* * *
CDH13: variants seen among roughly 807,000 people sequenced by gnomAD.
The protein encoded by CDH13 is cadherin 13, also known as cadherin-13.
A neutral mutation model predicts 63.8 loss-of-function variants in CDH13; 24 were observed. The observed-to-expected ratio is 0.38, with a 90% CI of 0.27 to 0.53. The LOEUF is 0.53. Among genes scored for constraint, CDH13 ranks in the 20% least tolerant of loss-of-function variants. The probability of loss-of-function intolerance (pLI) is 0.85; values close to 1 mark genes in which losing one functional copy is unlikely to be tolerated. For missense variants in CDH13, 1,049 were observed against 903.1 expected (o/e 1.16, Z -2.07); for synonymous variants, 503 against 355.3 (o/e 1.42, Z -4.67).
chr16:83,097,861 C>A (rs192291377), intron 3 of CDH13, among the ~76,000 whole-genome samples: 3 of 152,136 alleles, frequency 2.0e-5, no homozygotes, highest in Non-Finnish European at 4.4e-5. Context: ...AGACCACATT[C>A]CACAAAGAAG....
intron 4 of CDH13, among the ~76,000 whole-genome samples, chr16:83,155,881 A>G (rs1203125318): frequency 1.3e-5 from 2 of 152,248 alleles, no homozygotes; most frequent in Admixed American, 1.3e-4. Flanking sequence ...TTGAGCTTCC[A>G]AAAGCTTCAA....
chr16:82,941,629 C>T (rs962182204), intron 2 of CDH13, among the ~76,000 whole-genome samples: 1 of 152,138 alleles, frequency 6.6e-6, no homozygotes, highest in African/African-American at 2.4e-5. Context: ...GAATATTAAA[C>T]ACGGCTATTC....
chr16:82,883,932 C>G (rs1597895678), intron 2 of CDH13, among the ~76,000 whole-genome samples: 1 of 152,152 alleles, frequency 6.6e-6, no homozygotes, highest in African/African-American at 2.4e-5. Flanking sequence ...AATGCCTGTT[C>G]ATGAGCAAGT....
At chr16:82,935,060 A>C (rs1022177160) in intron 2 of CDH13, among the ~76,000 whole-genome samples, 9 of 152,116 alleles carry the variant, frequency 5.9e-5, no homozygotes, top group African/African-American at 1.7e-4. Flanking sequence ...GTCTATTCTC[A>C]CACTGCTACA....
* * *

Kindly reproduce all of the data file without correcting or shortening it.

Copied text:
CDH13: variants seen among roughly 807,000 people sequenced by gnomAD.
The protein encoded by CDH13 is cadherin 13, also known as cadherin-13.
A neutral mutation model predicts 63.8 loss-of-function variants in CDH13; 24 were observed. The observed-to-expected ratio is 0.38, with a 90% CI of 0.27 to 0.53. The LOEUF is 0.53. Among genes scored for constraint, CDH13 ranks in the 20% least tolerant of loss-of-function variants. The probability of loss-of-function intolerance (pLI) is 0.85; values close to 1 mark genes in which losing one functional copy is unlikely to be tolerated. For missense variants in CDH13, 1,049 were observed against 903.1 expected (o/e 1.16, Z -2.07); for synonymous variants, 503 against 355.3 (o/e 1.42, Z -4.67).
chr16:83,097,861 C>A (rs192291377), intron 3 of CDH13, among the ~76,000 whole-genome samples: 3 of 152,136 alleles, frequency 2.0e-5, no homozygotes, highest in Non-Finnish European at 4.4e-5. Context: ...AGACCACATT[C>A]CACAAAGAAG....
intron 4 of CDH13, among the ~76,000 whole-genome samples, chr16:83,155,881 A>G (rs1203125318): frequency 1.3e-5 from 2 of 152,248 alleles, no homozygotes; most frequent in Admixed American, 1.3e-4. Flanking sequence ...TTGAGCTTCC[A>G]AAAGCTTCAA....
chr16:82,941,629 C>T (rs962182204), intron 2 of CDH13, among the ~76,000 whole-genome samples: 1 of 152,138 alleles, frequency 6.6e-6, no homozygotes, highest in African/African-American at 2.4e-5. Context: ...GAATATTAAA[C>T]ACGGCTATTC....
chr16:82,883,932 C>G (rs1597895678), intron 2 of CDH13, among the ~76,000 whole-genome samples: 1 of 152,152 alleles, frequency 6.6e-6, no homozygotes, highest in African/African-American at 2.4e-5. Flanking sequence ...AATGCCTGTT[C>G]ATGAGCAAGT....
At chr16:82,935,060 A>C (rs1022177160) in intron 2 of CDH13, among the ~76,000 whole-genome samples, 9 of 152,116 alleles carry the variant, frequency 5.9e-5, no homozygotes, top group African/African-American at 1.7e-4. Flanking sequence ...GTCTATTCTC[A>C]CACTGCTACA....